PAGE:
Office 365 Billing: Another Tweak to Partner Payouts
Microsoft is tweaking the way partners will be paid advisor fees when they get customers signed up for public cloud services like Office 365 and Windows InTune.
A change announced this week at the Microsoft Worldwide Partner Conference in Los Angeles tips payments in partners' favor. But the change doesn't address many partners' fundamental complaint that Microsoft won't let partners bill their customers themselves.
Microsoft left the fundamental formula unchanged -- when a partner sells new seats of Office 365, the partner is eligible for 12 percent margin on the customers' entire first year payments to Microsoft, plus a 6 percent renewal fee every year as long as the customer keeps subscribing and maintains the original partner as the Partner of Record.
What changed is that Microsoft accelerated when that 12 percent net-add seat payment goes to partners. Under the Business Productivity Online Suite (BPOS), which was the predecessor to Office 365, partners got the 12 percent in four quarterly payments over the course of the year -- in other words, a 3 percent margin each quarter.
Now Microsoft will pay partners the entire 12 percent in the first quarter after the sale. Microsoft, correctly, positions the change as a cash-flow-boon to partners.
(There are some other less significant changes to the payout model, but I got different stories from different product teams at WPC about how those would work. I'll report on those when I can confirm the details.)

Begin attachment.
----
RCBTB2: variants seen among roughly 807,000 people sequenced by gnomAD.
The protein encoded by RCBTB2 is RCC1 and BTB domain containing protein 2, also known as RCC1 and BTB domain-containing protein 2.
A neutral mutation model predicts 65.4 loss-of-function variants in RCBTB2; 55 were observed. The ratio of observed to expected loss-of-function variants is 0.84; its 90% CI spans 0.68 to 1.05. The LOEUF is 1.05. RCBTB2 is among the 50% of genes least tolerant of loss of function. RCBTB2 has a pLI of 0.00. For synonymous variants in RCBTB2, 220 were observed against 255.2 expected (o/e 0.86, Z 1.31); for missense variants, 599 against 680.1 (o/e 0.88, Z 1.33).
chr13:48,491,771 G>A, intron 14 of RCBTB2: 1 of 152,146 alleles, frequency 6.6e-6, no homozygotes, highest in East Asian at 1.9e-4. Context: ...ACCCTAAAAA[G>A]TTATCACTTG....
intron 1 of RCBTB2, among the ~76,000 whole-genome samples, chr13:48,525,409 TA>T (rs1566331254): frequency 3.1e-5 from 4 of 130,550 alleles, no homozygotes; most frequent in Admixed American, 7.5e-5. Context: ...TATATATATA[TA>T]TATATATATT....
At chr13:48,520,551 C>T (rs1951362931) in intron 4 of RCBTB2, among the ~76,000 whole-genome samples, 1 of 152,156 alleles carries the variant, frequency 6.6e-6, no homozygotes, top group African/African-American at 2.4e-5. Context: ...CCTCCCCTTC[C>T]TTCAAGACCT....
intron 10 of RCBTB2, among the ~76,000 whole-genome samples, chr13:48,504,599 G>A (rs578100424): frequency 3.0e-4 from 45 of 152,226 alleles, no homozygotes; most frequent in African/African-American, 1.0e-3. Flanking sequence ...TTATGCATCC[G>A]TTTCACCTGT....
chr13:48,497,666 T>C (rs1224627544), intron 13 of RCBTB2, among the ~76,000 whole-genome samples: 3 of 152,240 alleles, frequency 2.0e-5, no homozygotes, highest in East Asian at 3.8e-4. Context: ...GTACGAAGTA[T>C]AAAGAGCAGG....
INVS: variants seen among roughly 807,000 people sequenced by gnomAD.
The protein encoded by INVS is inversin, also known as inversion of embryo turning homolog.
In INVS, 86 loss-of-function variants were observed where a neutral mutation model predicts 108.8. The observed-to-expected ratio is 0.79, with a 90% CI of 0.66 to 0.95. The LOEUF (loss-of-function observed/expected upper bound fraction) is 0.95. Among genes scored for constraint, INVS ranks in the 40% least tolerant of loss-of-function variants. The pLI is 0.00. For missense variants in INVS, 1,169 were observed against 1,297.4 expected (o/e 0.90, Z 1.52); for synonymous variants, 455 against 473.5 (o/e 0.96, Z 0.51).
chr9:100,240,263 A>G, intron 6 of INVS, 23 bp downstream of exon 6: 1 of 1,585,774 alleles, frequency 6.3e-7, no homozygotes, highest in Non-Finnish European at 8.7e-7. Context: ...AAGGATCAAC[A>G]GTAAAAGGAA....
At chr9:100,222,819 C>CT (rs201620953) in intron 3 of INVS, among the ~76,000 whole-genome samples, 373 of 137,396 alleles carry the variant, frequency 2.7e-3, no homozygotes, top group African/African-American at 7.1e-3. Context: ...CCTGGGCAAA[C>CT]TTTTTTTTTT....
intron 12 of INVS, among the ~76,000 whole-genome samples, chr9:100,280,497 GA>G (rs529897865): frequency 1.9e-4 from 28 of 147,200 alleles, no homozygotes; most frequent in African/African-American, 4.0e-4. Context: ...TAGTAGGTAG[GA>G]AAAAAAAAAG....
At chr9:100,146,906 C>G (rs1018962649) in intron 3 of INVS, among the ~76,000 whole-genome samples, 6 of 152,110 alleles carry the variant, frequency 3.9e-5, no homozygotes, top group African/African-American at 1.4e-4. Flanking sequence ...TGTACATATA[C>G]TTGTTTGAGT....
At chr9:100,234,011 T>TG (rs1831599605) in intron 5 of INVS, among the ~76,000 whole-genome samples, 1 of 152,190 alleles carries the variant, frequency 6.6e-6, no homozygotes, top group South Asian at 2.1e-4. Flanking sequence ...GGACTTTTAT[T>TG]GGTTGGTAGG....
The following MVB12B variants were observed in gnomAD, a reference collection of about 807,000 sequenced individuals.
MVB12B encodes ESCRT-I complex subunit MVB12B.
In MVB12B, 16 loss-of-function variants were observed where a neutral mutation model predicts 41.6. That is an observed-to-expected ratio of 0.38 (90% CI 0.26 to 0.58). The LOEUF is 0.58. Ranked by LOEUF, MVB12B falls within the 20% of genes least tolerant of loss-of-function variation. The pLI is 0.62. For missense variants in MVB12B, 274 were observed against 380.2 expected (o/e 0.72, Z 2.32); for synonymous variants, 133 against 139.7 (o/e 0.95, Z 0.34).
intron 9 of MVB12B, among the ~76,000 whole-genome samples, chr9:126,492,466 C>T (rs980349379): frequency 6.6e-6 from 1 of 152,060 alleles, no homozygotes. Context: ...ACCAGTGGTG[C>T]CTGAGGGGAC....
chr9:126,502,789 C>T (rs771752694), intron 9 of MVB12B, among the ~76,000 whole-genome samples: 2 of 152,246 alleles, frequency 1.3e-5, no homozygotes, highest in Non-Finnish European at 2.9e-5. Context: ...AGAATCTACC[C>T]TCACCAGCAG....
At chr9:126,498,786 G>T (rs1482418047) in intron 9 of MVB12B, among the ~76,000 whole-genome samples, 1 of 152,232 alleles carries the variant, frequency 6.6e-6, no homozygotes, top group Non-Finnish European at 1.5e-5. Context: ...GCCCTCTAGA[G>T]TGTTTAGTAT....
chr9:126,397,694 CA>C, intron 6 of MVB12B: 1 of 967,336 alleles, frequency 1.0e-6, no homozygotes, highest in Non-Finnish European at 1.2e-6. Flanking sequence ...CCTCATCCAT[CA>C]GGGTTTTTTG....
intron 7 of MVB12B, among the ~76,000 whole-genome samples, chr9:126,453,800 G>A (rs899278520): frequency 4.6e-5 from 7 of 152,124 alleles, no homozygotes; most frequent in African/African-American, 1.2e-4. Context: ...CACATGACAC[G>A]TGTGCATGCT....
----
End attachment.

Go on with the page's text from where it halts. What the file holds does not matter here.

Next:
Microsoft officials are saying that they're getting fewer complaints from partners about direct billing (see our interview with Jon Roskill, corporate vice president of the Worldwide Partner Group, from the July issue for details).
Some of the partner metrics around cloud that were announced at WPC do seem to point to growing acceptance by partners of Microsoft's direct billing approach.
The strongest evidence is that Microsoft now says 42,000 partners are signed up to sell public cloud services, more than double the 16,000 the company had signed up by WPC 2010. (An important caveat is that only an undisclosed fraction of those numbers of partners have actually closed cloud deals.)
The other question is what limit the direct billing model might impose on the audacious target Microsoft COO Kevin Turner set during his Wednesday keynote for partners selling cloud.
"Office 365: 5 million licensed users, 2.8 million already deployed, 42,000 partners trained. I want the other 600,000 partners to get on board. That number needs to be 642 next year," Turner said.
Does the faster payment on the 12 percent advisor fee make a difference to you? Comment below or shoot me an e-mail at email@example.com.
Posted by Scott Bekker on July 15, 2011 at 10:55 AM